2011: The Year of the Pie?
Orginal Market Diner's blueberry pie
Cupcake backlash has been brewing for some time, but so stubborn was the cupcake trend that every single year there is another hope-filled pronouncement of its heir apparent. First, there was the whoopee pie. Too regional. Then there was the cake ball. Too divisive. And most recently there was the macaron. Too dainty.
This year, however, is introducing the first legitimately convincing next dessert trend that could put the final proverbial nail in the coffin for the cupcake. Food trend trackers everywhere -- from NPR to The New York Times -- have jumped on the bandwagon. Pie fever has even touched down in North Texas, as Bon Appetit recently listed Fort Worth's Paris Coffee Shop as one of the top 10 places for pie. So, why the pie and why now?
In a time when cupcake shops hawking $3-$4 miniature cakes are on every corner, the inevitable bubble was bound to pop. (Even in a city as devoted to the dessert as Dallas.) While Dimples self-imploded, the rest of the competition combated one another via icing height duels and overly exotic themes and flavors. The pie, on the other hand, comes off as a humble dessert in the midst of all the cupcake craziness. It's homey, comforting and has always been around, even when we weren't paying attention.
Whereas there are no cupcake, whoopee pie, or macaron flavored foods, in any given grocery store, one can find Key lime pie yogurts or apple pie flavored protein bars. Also unlike the cupcake, there wasn't a sudden explosion in popularity. At least according to some of Dallas' premier pie peddlers, aside from the holidays when there is an obvious spike, the dessert always has been steady in sales and following.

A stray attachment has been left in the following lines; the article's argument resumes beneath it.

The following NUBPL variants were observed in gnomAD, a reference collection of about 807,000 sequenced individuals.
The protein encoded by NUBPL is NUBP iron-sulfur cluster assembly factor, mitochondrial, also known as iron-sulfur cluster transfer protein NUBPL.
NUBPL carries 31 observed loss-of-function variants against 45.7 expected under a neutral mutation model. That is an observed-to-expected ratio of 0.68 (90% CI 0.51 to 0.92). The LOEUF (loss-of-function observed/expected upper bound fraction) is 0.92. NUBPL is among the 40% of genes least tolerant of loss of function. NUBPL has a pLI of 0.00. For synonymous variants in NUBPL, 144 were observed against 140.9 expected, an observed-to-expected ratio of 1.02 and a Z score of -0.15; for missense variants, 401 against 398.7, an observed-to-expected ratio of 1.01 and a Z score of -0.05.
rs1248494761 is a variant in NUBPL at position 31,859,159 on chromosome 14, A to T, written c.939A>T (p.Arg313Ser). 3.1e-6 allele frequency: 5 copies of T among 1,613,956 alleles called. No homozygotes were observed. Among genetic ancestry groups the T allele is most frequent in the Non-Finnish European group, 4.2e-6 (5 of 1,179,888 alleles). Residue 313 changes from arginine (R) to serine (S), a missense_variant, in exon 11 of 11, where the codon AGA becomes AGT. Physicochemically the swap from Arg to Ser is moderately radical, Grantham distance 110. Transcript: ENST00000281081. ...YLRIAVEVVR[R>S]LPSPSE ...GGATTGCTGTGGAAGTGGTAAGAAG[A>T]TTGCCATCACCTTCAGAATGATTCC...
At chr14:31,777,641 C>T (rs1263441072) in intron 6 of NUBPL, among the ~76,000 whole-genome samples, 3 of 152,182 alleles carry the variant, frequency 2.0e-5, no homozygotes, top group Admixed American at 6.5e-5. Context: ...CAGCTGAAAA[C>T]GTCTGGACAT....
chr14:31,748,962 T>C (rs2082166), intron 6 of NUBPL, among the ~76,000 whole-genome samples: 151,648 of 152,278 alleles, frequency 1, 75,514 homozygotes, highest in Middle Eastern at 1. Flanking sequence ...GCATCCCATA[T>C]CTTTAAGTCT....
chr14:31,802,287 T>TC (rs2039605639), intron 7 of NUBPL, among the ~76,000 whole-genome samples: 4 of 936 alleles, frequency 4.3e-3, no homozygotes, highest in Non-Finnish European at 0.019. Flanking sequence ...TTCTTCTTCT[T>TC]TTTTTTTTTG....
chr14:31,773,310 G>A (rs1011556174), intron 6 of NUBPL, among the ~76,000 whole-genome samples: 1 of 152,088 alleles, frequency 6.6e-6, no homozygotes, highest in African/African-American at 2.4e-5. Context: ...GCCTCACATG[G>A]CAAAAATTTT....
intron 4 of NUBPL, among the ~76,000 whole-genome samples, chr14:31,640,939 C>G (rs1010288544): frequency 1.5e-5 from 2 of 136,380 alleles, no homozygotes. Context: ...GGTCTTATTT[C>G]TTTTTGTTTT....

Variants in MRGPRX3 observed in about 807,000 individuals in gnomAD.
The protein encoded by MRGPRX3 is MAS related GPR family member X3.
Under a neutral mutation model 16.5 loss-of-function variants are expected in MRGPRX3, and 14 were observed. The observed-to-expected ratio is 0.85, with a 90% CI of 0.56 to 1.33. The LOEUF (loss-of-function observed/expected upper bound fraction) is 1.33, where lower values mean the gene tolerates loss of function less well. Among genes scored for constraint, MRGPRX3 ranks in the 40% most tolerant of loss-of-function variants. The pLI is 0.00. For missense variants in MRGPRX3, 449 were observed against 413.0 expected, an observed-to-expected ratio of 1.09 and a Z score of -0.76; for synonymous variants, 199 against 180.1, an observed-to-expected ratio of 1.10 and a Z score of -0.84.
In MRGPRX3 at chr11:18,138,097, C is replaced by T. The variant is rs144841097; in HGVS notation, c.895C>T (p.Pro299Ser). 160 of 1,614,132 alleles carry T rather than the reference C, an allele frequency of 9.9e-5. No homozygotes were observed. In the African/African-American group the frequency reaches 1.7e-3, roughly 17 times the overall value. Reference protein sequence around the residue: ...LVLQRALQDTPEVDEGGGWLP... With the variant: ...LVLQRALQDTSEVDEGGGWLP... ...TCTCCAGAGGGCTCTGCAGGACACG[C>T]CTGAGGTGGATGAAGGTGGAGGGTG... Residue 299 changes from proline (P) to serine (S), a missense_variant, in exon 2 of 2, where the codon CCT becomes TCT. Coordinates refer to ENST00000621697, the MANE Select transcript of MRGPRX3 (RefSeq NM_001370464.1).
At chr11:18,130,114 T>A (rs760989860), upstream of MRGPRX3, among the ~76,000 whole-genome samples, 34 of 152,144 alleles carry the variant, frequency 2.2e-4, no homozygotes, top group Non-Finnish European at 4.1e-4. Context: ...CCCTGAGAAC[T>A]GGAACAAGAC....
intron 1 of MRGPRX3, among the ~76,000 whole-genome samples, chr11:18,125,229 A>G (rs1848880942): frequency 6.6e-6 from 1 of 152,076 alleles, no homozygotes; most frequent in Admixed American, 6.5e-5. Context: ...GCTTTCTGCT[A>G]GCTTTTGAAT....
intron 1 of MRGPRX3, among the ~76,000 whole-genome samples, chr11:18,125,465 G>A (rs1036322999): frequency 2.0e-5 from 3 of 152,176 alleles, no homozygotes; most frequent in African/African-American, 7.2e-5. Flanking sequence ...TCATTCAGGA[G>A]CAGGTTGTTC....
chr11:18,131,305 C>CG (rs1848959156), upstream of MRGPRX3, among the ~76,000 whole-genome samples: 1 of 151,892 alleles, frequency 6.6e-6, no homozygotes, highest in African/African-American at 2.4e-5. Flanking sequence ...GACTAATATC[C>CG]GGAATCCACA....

When asked to describe her restaurant's pies, Norma's Emily Frauhiger, used words like "comfort" and "homemade."
As Cicily Pettigrew, owner Uncle Willie's Pies, puts it, pies are just "simple goodness." Pettigrew has been selling and delivering pies from her Red Oak base to various Dallas restaurants for the past 16 years. When discussing the longevity of her business, she also emphasized the role pies play in family gatherings.
Although Pettigrew probably wasn't making a fiscal comparison, why wouldn't pie be considered the more feasible dessert for families and large groups of people? Easily shared and cost-effective, a whole pie that yields eight slices costs an average of $15 while a single cupcake can cost a fourth of that.
Despite all this newly resurrected love for the pie, cupcake supporters remain staunchly devoted and aren't ready to disappear into the night. Dallas recently saw the opening of Gigi's cupcakes, a franchise based out of Nashville that has been spreading like wildfire throughout the south. Cupcake loyalty, however, hasn't been limited to the south, as defense of the confection has gotten personal, as recent Internet posts from cupcake defenders suggest.
Regardless of whether you're Team Cupcake or Team Pie, who can argue with the indelible portrait of the pie being America's national dessert? The saying is "American as apple pie," after all. As Dale Wootton of East Dallas' Garden Café (a restaurant known for their Key lime and coconut pies), put it, "The iconic image of a warm pie cooling in the window is ingrained in the heart and mind of every American, young and old. Before the feast we break the bread, at the end, we cut the pie."
There can't be a better argument for pie than that.
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